Just a quick note before I get into the main topic of this post. When I look around at other blogs and other hockey sites, they pretty much all either provide data, analyze data, or provide some sort of commentary about a particular team. As this site progressed it kind of developed into a hockey theory/epistemology blog. To the best of my knowledge this is the only blog of its kind out there, which I think is kind of cool.
My original plan was to jump into a discussion of regression analysis, and I began a two part blog entry broken into how and why we use regression, followed by the importance and meaning of the error terms. While I was slowly plugging away at that topic, I stumbled across a couple of conversations featuring arguments that went something along the lines of: “intangibles aren’t real. If leadership was a real factor in hockey it would come out in the numbers.” This type of statement is usually followed by people patting one another on the back and poking fun at the dinosaurs who still believe that leadership and determination are “things.” I decided to add an extra entry on Latent variables, which is this entry. The next two entries will focus on regression analysis.
Observed (Manifest) Variables and Latent Variables (Factors)
I come from a social science background, which provides a very different starting point from what you may find from someone coming out of math, statistics, or engineering. One of the primary differences between the social and natural sciences is that social sciences deal with complex human phenomena that often cannot be directly measured. For example, psychology has concepts like resilience and coping, sociology has anomie and social facts, economics has socio-economic status and capitalism, and education has teacher quality and executive functioning.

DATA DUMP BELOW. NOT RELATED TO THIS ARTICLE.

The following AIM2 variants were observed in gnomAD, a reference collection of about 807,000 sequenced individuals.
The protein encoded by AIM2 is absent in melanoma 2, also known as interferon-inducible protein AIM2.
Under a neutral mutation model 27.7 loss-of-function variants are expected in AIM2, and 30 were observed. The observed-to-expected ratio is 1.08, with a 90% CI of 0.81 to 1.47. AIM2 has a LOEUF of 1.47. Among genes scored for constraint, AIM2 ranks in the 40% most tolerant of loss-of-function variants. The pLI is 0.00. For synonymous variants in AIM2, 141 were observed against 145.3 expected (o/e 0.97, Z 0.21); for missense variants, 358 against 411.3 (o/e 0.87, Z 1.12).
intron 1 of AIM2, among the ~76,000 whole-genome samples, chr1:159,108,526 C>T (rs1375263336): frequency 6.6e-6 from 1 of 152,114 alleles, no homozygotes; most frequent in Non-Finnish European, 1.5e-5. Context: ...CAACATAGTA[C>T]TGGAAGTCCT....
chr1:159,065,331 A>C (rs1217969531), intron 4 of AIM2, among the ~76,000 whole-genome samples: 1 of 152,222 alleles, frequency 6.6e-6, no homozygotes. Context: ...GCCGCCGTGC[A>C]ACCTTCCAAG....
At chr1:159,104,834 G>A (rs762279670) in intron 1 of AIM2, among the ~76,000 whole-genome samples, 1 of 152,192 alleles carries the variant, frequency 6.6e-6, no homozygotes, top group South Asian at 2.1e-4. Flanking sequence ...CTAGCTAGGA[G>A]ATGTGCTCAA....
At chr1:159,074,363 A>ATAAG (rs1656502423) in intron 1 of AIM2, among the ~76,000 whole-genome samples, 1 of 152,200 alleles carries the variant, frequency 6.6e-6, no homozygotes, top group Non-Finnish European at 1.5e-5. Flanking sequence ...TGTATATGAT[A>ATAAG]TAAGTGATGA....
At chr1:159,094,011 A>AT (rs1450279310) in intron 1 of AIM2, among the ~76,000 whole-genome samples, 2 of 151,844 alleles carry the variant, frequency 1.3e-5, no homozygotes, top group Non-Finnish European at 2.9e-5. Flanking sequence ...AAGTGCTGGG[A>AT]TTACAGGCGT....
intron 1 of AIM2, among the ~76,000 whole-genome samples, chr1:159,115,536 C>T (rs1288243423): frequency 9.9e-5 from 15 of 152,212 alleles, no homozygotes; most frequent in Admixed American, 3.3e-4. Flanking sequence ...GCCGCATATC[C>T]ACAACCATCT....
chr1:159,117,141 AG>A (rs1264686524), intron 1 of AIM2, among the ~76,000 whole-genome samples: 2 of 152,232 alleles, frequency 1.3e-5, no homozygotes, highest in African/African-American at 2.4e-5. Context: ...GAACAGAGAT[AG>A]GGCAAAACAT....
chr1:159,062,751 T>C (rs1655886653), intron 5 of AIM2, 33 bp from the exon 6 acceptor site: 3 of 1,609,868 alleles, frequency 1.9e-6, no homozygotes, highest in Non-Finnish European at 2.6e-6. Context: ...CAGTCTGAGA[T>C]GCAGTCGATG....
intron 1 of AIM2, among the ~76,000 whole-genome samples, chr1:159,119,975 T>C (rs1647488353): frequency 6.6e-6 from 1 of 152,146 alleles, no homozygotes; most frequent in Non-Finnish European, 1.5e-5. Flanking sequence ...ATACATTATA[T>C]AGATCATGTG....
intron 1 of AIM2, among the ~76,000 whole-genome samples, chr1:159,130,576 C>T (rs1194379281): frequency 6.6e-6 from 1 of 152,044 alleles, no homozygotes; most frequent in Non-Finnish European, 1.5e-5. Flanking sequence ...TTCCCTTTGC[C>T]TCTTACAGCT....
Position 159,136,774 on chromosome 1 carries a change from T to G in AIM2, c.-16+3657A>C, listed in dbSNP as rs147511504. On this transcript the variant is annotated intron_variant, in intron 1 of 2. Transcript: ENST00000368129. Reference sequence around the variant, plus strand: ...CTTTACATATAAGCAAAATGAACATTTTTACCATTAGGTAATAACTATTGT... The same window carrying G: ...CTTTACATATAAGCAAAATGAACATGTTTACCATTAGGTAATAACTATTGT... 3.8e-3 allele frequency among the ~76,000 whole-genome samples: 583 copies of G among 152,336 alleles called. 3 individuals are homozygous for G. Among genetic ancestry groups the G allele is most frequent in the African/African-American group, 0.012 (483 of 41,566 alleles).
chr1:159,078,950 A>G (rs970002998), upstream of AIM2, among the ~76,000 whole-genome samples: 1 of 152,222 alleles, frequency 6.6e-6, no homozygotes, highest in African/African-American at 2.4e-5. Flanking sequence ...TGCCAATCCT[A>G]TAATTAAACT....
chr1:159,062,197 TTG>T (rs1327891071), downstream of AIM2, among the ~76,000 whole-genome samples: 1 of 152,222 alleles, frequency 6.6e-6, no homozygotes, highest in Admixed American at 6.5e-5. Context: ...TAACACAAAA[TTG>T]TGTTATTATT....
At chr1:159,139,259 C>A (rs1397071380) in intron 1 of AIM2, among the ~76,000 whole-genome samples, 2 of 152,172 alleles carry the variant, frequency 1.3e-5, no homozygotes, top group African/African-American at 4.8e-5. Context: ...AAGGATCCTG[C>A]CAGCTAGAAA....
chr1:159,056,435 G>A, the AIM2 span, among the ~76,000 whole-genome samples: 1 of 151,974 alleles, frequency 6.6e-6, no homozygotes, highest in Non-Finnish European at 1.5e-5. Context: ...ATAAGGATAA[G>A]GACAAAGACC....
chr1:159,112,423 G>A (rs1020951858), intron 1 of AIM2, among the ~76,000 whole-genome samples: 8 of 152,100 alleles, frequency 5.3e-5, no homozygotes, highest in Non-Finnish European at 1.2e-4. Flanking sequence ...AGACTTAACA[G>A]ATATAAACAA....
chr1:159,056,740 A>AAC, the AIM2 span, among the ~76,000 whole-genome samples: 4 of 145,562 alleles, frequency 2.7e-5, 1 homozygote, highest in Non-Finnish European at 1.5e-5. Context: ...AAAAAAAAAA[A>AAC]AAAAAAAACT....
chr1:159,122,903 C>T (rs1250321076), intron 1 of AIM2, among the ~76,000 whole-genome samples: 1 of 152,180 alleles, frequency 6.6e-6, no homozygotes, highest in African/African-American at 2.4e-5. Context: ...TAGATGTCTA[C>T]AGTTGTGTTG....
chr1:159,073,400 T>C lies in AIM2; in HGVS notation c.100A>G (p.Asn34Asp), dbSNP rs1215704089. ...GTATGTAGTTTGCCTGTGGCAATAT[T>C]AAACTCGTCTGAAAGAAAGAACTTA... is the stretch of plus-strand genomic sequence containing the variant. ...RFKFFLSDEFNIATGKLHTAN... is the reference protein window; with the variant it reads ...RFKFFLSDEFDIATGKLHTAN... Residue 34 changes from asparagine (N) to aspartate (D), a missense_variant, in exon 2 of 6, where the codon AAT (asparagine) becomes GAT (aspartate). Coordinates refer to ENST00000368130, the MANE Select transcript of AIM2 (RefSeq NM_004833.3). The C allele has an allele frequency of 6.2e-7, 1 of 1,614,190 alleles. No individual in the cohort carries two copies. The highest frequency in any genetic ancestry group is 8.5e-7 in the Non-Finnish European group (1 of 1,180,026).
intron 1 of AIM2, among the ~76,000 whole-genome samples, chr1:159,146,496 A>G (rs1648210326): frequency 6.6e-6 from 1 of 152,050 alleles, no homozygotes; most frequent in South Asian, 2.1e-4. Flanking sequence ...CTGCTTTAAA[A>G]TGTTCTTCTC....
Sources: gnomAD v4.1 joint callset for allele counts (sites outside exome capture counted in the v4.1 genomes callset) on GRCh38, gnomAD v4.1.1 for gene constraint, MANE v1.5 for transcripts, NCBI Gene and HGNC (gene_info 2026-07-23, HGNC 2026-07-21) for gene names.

I have to be up front and honest here. When I first read Tweets or messages in online hockey forums, where individuals blithely stated that leadership and determination are not real, I just wrote it off as the lunatic fringe saying their piece. I was blown away that individuals for whom I gained some measure of respect parroted those same nonsensical (from my perspective) arguments. The result was confusion on my end. Would those same people argue that socio-economic status does not really exist, and that income is the be all and end all? I mean, socio-economic status predicts outcomes far better than easily measureable variables such as income or wealth ever could.
It is of critical importance to distinguish between two very different types of variables. Latent variables, also known as manifest variables, are abstract phenomena that cannot be measured directly. Leadership and determination would be two examples of latent variables. Observed variables, also known as manifest variables, are those that can be observed and directly measured. Corsi, Fenwick, and all of the other fancy stats you see out there are manifest variables. Each of these types of variables may be used in quantitative analyses. The difference is that latent variables come into play when complex social factors are involved. Hockey is very much a social phenomenon on every discernible level, as players interact with each other, with coaches, with the outside world, and even with their inner motivations and drives.